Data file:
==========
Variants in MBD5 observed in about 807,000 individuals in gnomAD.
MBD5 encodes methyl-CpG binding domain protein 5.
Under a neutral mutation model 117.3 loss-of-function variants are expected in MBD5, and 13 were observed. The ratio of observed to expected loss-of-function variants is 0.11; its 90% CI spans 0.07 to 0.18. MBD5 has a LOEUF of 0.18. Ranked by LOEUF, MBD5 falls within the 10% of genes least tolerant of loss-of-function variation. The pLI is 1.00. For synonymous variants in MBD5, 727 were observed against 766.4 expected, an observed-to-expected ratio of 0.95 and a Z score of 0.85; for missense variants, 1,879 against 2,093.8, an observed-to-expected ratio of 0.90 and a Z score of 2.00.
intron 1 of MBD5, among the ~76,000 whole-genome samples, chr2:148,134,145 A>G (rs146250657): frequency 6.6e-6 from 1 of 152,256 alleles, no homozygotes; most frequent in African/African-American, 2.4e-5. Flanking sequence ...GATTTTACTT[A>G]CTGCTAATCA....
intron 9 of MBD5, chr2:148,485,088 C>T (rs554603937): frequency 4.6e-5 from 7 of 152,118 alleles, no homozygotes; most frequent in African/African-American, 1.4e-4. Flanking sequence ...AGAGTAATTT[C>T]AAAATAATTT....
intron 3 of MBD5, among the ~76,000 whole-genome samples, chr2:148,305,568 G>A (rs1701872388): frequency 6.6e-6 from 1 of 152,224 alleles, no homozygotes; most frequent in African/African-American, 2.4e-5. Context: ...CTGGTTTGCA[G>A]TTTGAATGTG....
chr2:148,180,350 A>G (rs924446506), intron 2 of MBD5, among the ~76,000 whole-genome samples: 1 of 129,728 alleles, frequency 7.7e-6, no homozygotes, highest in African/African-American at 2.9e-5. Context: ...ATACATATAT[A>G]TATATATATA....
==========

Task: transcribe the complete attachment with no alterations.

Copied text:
Variants in MBD5 observed in about 807,000 individuals in gnomAD.
MBD5 encodes methyl-CpG binding domain protein 5.
Under a neutral mutation model 117.3 loss-of-function variants are expected in MBD5, and 13 were observed. The ratio of observed to expected loss-of-function variants is 0.11; its 90% CI spans 0.07 to 0.18. MBD5 has a LOEUF of 0.18. Ranked by LOEUF, MBD5 falls within the 10% of genes least tolerant of loss-of-function variation. The pLI is 1.00. For synonymous variants in MBD5, 727 were observed against 766.4 expected, an observed-to-expected ratio of 0.95 and a Z score of 0.85; for missense variants, 1,879 against 2,093.8, an observed-to-expected ratio of 0.90 and a Z score of 2.00.
intron 1 of MBD5, among the ~76,000 whole-genome samples, chr2:148,134,145 A>G (rs146250657): frequency 6.6e-6 from 1 of 152,256 alleles, no homozygotes; most frequent in African/African-American, 2.4e-5. Flanking sequence ...GATTTTACTT[A>G]CTGCTAATCA....
intron 9 of MBD5, chr2:148,485,088 C>T (rs554603937): frequency 4.6e-5 from 7 of 152,118 alleles, no homozygotes; most frequent in African/African-American, 1.4e-4. Flanking sequence ...AGAGTAATTT[C>T]AAAATAATTT....
intron 3 of MBD5, among the ~76,000 whole-genome samples, chr2:148,305,568 G>A (rs1701872388): frequency 6.6e-6 from 1 of 152,224 alleles, no homozygotes; most frequent in African/African-American, 2.4e-5. Context: ...CTGGTTTGCA[G>A]TTTGAATGTG....
chr2:148,180,350 A>G (rs924446506), intron 2 of MBD5, among the ~76,000 whole-genome samples: 1 of 129,728 alleles, frequency 7.7e-6, no homozygotes, highest in African/African-American at 2.9e-5. Context: ...ATACATATAT[A>G]TATATATATA....